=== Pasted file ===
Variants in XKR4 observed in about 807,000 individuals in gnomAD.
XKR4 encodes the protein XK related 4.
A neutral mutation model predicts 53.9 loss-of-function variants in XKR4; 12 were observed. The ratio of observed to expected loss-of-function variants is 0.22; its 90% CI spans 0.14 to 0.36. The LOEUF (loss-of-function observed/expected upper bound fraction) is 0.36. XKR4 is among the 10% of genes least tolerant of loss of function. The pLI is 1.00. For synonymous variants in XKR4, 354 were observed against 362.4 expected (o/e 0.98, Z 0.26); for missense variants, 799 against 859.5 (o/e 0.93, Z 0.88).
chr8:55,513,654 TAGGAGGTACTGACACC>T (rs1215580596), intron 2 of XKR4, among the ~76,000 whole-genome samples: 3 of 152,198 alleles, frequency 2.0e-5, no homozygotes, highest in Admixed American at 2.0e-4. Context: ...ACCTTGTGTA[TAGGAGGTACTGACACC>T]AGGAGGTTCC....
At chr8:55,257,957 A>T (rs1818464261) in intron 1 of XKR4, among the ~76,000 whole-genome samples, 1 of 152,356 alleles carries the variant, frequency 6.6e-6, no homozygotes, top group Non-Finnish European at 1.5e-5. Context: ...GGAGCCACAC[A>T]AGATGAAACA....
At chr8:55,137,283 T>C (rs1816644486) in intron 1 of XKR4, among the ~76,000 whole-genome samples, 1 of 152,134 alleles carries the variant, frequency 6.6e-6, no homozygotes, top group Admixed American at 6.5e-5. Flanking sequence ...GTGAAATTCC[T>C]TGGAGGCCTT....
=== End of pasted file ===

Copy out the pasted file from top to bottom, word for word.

Variants in XKR4 observed in about 807,000 individuals in gnomAD.
XKR4 encodes the protein XK related 4.
A neutral mutation model predicts 53.9 loss-of-function variants in XKR4; 12 were observed. The ratio of observed to expected loss-of-function variants is 0.22; its 90% CI spans 0.14 to 0.36. The LOEUF (loss-of-function observed/expected upper bound fraction) is 0.36. XKR4 is among the 10% of genes least tolerant of loss of function. The pLI is 1.00. For synonymous variants in XKR4, 354 were observed against 362.4 expected (o/e 0.98, Z 0.26); for missense variants, 799 against 859.5 (o/e 0.93, Z 0.88).
chr8:55,513,654 TAGGAGGTACTGACACC>T (rs1215580596), intron 2 of XKR4, among the ~76,000 whole-genome samples: 3 of 152,198 alleles, frequency 2.0e-5, no homozygotes, highest in Admixed American at 2.0e-4. Context: ...ACCTTGTGTA[TAGGAGGTACTGACACC>T]AGGAGGTTCC....
At chr8:55,257,957 A>T (rs1818464261) in intron 1 of XKR4, among the ~76,000 whole-genome samples, 1 of 152,356 alleles carries the variant, frequency 6.6e-6, no homozygotes, top group Non-Finnish European at 1.5e-5. Context: ...GGAGCCACAC[A>T]AGATGAAACA....
At chr8:55,137,283 T>C (rs1816644486) in intron 1 of XKR4, among the ~76,000 whole-genome samples, 1 of 152,134 alleles carries the variant, frequency 6.6e-6, no homozygotes, top group Admixed American at 6.5e-5. Flanking sequence ...GTGAAATTCC[T>C]TGGAGGCCTT....